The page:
Webinar – Corso Camera Bianca – Clean Room Training – ISO 14644:2015 – Classificazione, Progettazione, Controllo Qualità, Comportamento Operatori [ITALIANO]
– Recorded Live Webinar –
Durata: 60 min. + 10 min. Questions Time.
Descrizione (Start Training Now):
Controllare la contaminazione è essenziale in molte attività di produzione e di ricerca .
L’uso di camere bianche , insieme a processi rigorosi e stringenti , lo rende possibile.
ISO ha una serie di norme dedicate alle camere bianche, che delinea le pratiche e le procedure necessarie per gestire il rischio di contaminazione . I primi due della serie sono stati appena aggiornati per tener conto dei più recenti sviluppi tecnologici e delle esigenze del mercato
Questo corso webinar fornisce le informazioni necessarie a comprendere come funzionano le clean room come vengono progettate e come ne viene garantità la conformità agli standard di riferimento.
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Chi beneficierà del Webinar Training (Start Training Now):
Requisiti per il rilascio dell’ Attestato:
Gli studenti devono visualizzare l’ intero programma e superare con successo un test a scelta multipla con una valutazione finale > 80 %. Il Certificato sarà stampabile in formato PDF dopo aver soddisfatto i requisiti.
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Live Course Presented and Commented by:
Alice Ravizza is a Biomedical Engineer, graduated at Politecnico di Milano. She has great and extensive experience in R&D and QA / RA in the biomedical field. She is specialized in supporting Medical Device companies in building up and improve Quality System Management and assure Compliance through all the internal processs. She assist companies during the registration process for CE Mark making sure all the technical documentation is compliant to applicable standards and regulations. She is aswell an experienced Trainer and Lecturer.
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Cleanrooms can be very large. Entire manufacturing facilities can be contained within a cleanroom with factory floors covering thousands of square meters. They are used extensively in semiconductor manufacturing, biotechnology, the life sciences, and other fields that are very sensitive to environmental contamination.
The air entering a cleanroom from outside is filtered to exclude dust, and the air inside is constantly recirculated through high-efficiency particulate air (HEPA) and/or ultra-low particulate air (ULPA) filters to remove internally generated contaminants.
Staff enter and leave through airlocks (sometimes including an air shower stage), and wear protective clothing such as hoods, face masks, gloves, boots, and coveralls.
Equipment inside the cleanroom is designed to generate minimal air contamination. Only special mops and buckets are used. Cleanroom furniture is designed to produce a minimum of particles and to be easy to clean. Common materials such as paper, pencils, and fabrics made from natural fibers are often excluded, and alternatives used. Cleanrooms are not sterile (i.e., free of uncontrolled microbes);only airborne particles are controlled. Particle levels are usually tested using a particle counter and microorganisms detected and counted through environmental monitoring methods.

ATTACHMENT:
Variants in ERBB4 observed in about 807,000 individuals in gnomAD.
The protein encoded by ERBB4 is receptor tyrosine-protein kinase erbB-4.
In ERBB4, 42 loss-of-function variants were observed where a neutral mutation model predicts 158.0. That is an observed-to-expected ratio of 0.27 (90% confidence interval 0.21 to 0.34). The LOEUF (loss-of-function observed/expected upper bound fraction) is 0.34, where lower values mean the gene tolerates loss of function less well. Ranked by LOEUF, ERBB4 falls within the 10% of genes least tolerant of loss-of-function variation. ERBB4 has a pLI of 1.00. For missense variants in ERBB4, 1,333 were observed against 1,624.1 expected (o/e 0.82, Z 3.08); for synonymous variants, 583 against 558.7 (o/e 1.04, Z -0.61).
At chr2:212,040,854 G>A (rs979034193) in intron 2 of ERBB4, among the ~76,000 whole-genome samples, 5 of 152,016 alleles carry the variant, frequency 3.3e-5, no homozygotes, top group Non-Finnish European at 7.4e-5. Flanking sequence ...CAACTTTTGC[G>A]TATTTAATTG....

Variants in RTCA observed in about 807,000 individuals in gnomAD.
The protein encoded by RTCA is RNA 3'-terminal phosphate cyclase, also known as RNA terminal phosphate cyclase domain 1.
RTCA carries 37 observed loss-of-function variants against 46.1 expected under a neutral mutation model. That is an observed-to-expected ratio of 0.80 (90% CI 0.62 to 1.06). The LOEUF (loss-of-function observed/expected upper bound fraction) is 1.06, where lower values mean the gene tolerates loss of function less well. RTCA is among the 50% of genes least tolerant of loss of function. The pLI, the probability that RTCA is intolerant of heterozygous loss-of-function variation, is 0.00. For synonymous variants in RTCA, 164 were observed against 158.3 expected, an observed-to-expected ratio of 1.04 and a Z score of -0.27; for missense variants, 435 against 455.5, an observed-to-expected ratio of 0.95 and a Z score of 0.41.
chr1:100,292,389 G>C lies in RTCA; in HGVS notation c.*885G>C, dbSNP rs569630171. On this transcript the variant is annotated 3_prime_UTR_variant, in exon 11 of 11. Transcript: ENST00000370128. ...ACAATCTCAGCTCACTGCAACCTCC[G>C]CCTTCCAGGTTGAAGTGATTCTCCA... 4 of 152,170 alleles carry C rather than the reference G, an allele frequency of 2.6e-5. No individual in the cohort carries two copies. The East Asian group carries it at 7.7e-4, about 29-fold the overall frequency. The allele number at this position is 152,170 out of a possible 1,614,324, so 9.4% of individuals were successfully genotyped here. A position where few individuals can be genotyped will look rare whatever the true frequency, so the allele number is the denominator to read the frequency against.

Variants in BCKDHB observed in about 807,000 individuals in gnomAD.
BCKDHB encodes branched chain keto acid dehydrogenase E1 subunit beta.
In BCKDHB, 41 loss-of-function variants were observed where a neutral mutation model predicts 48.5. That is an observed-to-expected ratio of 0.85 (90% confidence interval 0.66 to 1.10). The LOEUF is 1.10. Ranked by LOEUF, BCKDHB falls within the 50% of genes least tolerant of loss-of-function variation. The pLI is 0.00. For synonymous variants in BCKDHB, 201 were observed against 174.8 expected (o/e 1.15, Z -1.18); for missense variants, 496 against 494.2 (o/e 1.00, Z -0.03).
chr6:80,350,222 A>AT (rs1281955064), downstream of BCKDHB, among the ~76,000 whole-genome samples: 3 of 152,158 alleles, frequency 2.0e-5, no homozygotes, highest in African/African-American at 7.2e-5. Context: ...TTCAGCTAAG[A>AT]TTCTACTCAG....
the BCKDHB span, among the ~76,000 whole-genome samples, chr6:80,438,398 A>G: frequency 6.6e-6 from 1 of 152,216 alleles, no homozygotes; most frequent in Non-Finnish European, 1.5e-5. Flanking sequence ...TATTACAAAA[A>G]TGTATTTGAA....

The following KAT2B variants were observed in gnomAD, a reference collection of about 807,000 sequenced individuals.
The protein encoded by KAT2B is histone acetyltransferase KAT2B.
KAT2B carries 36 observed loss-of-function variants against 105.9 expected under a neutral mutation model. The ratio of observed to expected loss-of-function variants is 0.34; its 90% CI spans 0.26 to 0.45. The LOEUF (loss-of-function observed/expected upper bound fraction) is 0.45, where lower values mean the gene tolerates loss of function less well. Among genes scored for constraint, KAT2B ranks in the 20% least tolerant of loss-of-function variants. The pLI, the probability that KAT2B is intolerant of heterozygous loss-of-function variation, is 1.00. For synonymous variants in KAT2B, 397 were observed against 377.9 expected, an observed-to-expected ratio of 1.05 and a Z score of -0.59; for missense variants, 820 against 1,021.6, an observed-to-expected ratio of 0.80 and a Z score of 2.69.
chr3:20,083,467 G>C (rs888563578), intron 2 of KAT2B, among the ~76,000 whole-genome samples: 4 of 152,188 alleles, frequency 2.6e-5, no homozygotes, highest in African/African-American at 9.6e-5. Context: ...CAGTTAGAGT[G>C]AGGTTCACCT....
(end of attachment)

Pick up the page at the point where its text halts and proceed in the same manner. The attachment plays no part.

Some cleanrooms are kept at a positive pressure so if any leaks occur, air leaks out of the chamber instead of unfiltered air coming in.
Some cleanroom HVAC systems control the humidity to low levels, such that extra equipment (“ionizers”) is necessary to prevent electrostatic discharge problems. Low-level cleanrooms may only require special shoes, with completely smooth soles that do not track in dust or dirt. However, for safety reasons, shoe soles must not create slipping hazards. Access to a cleanroom is usually restricted to those wearing a cleanroom suit.
In cleanrooms in which the standards of air contamination are less rigorous, the entrance to the cleanroom may not have an air shower. An anteroom (known as a “gray room”) is used to put on clean-room clothing. Some manufacturing facilities do not use fully classified cleanrooms, but use some cleanroom practices to maintain their contamination requirements.
Personnel contamination of cleanrooms
In the healthcare and pharmaceutical sectors, control of microorganisms is important, especially microorganisms likely to be deposited into the air stream from skin shedding. Studying cleanroom microflora is of importance for microbiologists and quality control personnel to assess changes in trends. Shifts in the types of microflora may indicate deviations from the “norm” such as resistant strains or problems with cleaning practices.
In assessing cleanroom microorganisms, the typical flora are primarily those associated with human skin (Gram-positive cocci), although microorganisms from other sources such as the environment (Gram-positive rods) and water (Gram-negative rods) are also detected, although in lower number. Common bacterial genera include Micrococcus, Staphylococcus, Corynebacterium, and Bacillus, and fungal genera include Aspergillus and Pencillin.